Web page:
Session Two: Toward Growth and Prosperity in the Indo-Pacific Region: Can the International Community Cooperate?
(1) Considering the discussion up to this point, Dr. Tadokoro summarized the situation which is intertwined with complicated interests and values:
Different countries have different views of what the Indo-Pacific could be. As a military superpower, the US is looking at the expansion of Chinese influence from a geopolitical perspective, and questions the regime’s record on democracy and human rights, thinking that it must not be allowed to become a successful model for state capitalism. Countries which have security issues with China, such as Southeast Asian countries and India, want to include China as much as possible and avoid confrontation while creating a free and open Indo-Pacific. Until the 1990s, Japan was the country which provided China with the most ODA, and was the first country to lift economic sanctions after the Tiananmen Square incident, and this focus on development will not change as long as the security environment does not change either.
(2) The panelists commented on what each country needs to do in order for the Indo-Pacific Initiative to be a success:
(Mr. Myers) Although the strategic goals for this initiative of different countries, including the US, are unclear, it is likely the US will to some degree work towards a free and open Indo-Pacific as part of the administration’s strategy. However, unexpected events may occur, such as China taking aggressive action against Taiwan, including stopping trade with a naval blockade. It is questionable whether China would make the economic sacrifice necessary to go that far, but Taiwan could be a game changer.
(Mr. Rachman) What is the Indo-Pacific Strategy, and what is its goal? Would it be maintaining the status quo with China expanding its economic influence, or having everyone side with the US? Or would it be making sure that democratic values are not damaged with an expansion of authoritarian systems as China’s economy grows? If the US goes too far, there is also the risk of war, for a net negative effect.
(Dr. Tanaka) The minimum goal that must be achieved with a free and open Indo-Pacific is ensuring freedom of navigation in the South China Sea. As long as the US does not change its own Indo-Pacific Strategy, this will be possible. Support by Japan for the coast guard capabilities of nations around the South China Sea is also important. In a prosperous Indo-Pacific, Japan would then be able to provide development assistance, but economic assistance from China and other regional nations is also necessary.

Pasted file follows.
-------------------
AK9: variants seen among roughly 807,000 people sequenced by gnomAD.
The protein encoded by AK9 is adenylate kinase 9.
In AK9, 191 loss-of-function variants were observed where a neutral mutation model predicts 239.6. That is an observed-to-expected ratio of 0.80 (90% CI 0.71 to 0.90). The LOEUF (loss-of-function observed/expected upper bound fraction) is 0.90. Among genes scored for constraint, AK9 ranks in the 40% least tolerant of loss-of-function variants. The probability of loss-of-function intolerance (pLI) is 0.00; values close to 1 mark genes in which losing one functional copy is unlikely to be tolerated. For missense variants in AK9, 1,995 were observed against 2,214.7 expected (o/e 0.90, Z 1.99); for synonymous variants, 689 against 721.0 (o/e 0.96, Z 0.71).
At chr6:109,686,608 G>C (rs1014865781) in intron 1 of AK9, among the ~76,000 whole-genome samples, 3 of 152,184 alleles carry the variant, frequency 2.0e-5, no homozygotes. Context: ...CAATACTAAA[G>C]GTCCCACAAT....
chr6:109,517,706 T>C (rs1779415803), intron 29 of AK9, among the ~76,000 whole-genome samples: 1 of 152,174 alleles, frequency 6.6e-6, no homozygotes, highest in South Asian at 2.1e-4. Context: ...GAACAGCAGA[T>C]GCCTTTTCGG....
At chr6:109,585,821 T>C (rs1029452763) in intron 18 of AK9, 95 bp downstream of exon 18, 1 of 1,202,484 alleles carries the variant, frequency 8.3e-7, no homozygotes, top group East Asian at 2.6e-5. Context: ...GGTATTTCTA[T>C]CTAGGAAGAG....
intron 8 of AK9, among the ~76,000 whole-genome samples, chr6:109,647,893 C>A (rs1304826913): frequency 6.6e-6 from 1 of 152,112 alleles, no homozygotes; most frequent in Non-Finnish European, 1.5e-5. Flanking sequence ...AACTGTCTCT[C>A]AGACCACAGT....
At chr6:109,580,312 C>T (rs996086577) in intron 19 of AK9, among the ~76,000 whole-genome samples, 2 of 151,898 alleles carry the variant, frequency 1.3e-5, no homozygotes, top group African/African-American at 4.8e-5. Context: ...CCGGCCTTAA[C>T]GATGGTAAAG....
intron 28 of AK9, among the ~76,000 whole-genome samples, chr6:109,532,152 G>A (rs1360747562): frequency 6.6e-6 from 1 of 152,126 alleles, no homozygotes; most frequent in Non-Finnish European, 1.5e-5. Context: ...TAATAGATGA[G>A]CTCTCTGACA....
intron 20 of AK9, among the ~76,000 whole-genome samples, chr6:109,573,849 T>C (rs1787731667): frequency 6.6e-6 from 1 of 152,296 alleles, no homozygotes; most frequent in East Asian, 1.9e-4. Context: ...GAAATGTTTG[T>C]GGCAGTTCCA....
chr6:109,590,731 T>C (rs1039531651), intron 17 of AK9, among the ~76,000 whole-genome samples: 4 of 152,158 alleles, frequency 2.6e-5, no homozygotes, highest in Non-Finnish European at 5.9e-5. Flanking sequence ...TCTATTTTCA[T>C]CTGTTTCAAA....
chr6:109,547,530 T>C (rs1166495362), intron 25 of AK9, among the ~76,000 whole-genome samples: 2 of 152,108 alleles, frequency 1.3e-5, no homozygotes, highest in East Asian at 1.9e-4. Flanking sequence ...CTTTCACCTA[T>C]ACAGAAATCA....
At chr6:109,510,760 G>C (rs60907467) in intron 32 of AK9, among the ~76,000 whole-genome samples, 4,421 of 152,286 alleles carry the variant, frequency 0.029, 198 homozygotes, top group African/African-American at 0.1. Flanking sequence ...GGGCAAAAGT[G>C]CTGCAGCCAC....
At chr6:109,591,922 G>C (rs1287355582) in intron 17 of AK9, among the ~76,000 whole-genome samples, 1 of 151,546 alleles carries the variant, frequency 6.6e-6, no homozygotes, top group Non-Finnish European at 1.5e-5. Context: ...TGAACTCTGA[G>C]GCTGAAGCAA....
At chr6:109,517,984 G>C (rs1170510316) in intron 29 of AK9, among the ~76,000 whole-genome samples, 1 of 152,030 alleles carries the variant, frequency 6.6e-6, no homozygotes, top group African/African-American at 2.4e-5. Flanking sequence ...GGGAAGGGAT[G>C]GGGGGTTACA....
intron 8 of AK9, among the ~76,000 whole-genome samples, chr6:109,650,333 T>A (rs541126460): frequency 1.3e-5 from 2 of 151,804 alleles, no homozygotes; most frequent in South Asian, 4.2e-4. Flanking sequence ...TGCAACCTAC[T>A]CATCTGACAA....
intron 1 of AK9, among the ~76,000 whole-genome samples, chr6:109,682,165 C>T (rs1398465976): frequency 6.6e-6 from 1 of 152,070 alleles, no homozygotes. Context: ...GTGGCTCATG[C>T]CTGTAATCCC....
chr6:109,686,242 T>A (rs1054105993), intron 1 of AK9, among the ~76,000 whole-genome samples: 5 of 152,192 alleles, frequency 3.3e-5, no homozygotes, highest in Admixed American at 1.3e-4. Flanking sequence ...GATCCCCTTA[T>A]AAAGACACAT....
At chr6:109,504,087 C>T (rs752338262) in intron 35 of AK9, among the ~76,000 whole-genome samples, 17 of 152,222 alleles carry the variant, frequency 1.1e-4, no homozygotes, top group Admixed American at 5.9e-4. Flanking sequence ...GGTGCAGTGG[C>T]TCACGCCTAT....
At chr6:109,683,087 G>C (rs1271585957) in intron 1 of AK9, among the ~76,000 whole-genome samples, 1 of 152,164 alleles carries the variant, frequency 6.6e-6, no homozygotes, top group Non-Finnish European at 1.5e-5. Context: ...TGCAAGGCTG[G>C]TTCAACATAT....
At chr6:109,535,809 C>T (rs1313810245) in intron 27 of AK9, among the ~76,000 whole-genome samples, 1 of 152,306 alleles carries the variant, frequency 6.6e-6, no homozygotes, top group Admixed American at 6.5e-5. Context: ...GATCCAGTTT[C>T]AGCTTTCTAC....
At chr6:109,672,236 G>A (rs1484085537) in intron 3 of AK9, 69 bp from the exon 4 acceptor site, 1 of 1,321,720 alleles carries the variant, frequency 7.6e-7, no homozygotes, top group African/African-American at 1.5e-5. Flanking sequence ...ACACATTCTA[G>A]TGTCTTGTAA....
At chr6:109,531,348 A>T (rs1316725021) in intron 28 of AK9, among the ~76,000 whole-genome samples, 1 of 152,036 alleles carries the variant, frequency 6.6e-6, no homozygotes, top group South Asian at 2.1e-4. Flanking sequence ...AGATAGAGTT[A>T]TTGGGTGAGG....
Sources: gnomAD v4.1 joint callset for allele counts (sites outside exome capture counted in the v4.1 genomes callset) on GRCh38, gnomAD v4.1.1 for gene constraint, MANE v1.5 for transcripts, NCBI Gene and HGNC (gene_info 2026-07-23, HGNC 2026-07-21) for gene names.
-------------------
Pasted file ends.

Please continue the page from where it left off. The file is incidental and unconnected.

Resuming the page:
(Mr. Velloor) The key to success depends on what the intention is. If the goal is isolating China, it will not work out. An inclusive approach like the one being taken by ASEAN, or combing various different strategies, is necessary, and China’s concerns must be considered as well. The development of Southeast Asia relies on capital from Japan. 20% of Indonesian exports are from Japanese businesses located in Indonesia, with 93% of the workers at those businesses from Indonesia, but for China it is the opposite. Communicating these kinds of positive stories is important.
(Dr. Tadokoro) What would success be? Isolating China like the Soviet Union was during the Cold War is no longer possible, and so deterrence must be considered. To that end, US commitment is necessary. Also, when considering the Indian Ocean, India may be the most important country, but it is not the only player. Both Pakistan and Iran have positive relations with China. It is not a simple question of China or the US, and how the opinions of local countries can be consolidated is important.
(Mr. Chaudhuri) When presenting a counter-argument to the Belt and Road Initiative, Japan will be India’s partner to provide an alternative. India and Japan are already cooperating in Sri Lanka and Africa. They have been successful with Japan handling the work, and India handling the diplomacy.
(3) Responding to the question of what role Japan can play beyond economic cooperation:
(Mr. Rachman) Japan has been successful as an economic superpower and democratic nation, so it is in an excellent position. Although it may have military weaknesses, Japan does not rush headlong like the US does, and can support order under the rule of law. Having helped create the TPP11 and support free trade, it is an important middle power.
(Mr. Velloor) A significant portion of Southeast Asia is inland, and although Japan has been advancing into the Mekong Delta, it should cooperate more closely with India and the US, and demonstrate to the region that they are working together. This region is in need of support, and Japan has both the capital and the skills necessary for capacity building.
(Mr. Myers) If the US is going to be withdrawing from multilateral frameworks, Japan will likely take over its role. Although it depends on the results of the next election, the current administration reflects the strong tendency to isolationism that many Americans still have.
(Dr. Tanaka) Japan’s biggest security role is in not allowing China freedom of military activity in the East China Sea, and establishing defensive strength in the region around Japan to not create an opening in the net of deterrence. For the sake of prosperity in the Indo-Pacific, while economic assistance is necessary, direct investment by private companies will play an important role along with ODA by the government. There is also a lot of leeway open for cooperation between India and Japan, such as building a corridor for future African development.
(Dr. Tadokoro) The Japan-US alliance is a major asset, and Japan provides an incentive for US commitment to the region, as well as playing an important role in providing support. For prosperity in the region, maybe public policy should be created that encourages private Japanese businesses to take risks and make investment in such areas as East Africa.
To conclude, the moderator, Mr. Akita, noted that this discussion brought to light the fact that different countries had different perspectives of the Indo-Pacific Strategy, and to move forward it would be necessary to share a combination of values, norms, and interests.